Reading the reviews this is clearly a love it or hate it movie. Since it is clearly cerebral vs. your typical Hollywood scare flick I'm seeing a lot of reviews by people who would say for instance, that Bergman's Seventh Seal is a POS. For me it was, well, different, but not really what I was hoping for - maybe something like a David Lynch movie, but this just didn't connect with me or come close to a work by Lynch. There was just so little going on that you could do anything but guess about. Maybe if I was in an altered state or suffering from some kind of psychosis I'd find a connection. PS. There is a lot of dialog that is just about unintelligible. I'm a native British English speaker and there's some really thick accents combined with poor sound quality that make it very challenging. It turns out that a bunch of scenes were filmed renegade style with non-actors and put in the movie later when those people gave consent. Obviously the audio equipment for those conversations was less than great.
The thinnest of plots... decorated with infrequent and stilted dialogue... one woman collects johns in her van, leading them one by one to her den of... dream sequences of flooded basement. What does it all mean... it means we have a director who believes that all things obtuse presented at a glacial pace must be considered art. If pretension is your thing, five stars then. For everyone else... (An extra star has been awarded to Scarlett Johansson for her performance... it takes an amazing actor to commit to a role this monumentally uninteresting and still deliver).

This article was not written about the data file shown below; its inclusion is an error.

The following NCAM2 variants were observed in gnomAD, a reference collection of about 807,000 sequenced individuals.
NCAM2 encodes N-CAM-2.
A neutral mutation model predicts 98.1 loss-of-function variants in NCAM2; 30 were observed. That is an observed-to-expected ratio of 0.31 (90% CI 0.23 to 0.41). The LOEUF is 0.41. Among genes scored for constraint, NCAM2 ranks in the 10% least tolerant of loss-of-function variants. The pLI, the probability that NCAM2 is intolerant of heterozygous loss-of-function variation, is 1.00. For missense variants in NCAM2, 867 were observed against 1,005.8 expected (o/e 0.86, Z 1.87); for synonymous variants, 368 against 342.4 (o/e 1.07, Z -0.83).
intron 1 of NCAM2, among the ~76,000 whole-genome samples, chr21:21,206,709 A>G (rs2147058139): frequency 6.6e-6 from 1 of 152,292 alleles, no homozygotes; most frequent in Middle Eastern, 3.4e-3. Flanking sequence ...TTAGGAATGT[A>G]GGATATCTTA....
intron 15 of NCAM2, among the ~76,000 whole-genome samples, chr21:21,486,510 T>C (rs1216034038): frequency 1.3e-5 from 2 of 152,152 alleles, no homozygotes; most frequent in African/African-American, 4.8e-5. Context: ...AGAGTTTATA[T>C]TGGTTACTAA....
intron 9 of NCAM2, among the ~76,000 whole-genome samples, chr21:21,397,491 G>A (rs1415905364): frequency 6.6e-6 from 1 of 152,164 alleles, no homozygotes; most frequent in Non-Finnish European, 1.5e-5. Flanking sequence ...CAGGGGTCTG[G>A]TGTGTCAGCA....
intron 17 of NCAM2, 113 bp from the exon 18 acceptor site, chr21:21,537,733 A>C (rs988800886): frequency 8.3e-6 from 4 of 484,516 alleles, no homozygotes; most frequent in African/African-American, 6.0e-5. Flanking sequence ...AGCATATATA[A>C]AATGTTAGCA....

If you do not enjoy abstract or off-beat films do not bother with this one. Manage your expectations. I, however, am drawn to this sort of film. I like Aronofsky's early work, Lynch, Kubrick, Godard. This fits in well with all of these in both direction and concept. There is scant dialogue, no "action," a disjointed narrative that has more questions than answers, very creepy, and even the nudity is anything but sexy. So why do I love this film? It is beautifully directed. The themes are provocative and require you do participate in the story. You have to be awake to watch a film like this. It isn't passive, but active. Under the Skin is both a metaphor for the deepest parts of what makes us human both in body and in mind and the very "meat" that we are made of. Inside/outside, predator/prey, foreign/native, body/soul, - all of these are provoked and prodded in very uncomfortable ways. The end is disturbing and leaves you with a chilling feeling that does not go away. This is truly a film buff's kind of movie. It is art rather than entertainment. Glazer is brilliant and so is this remarkable film I will watch over and over to unpack its meaning.
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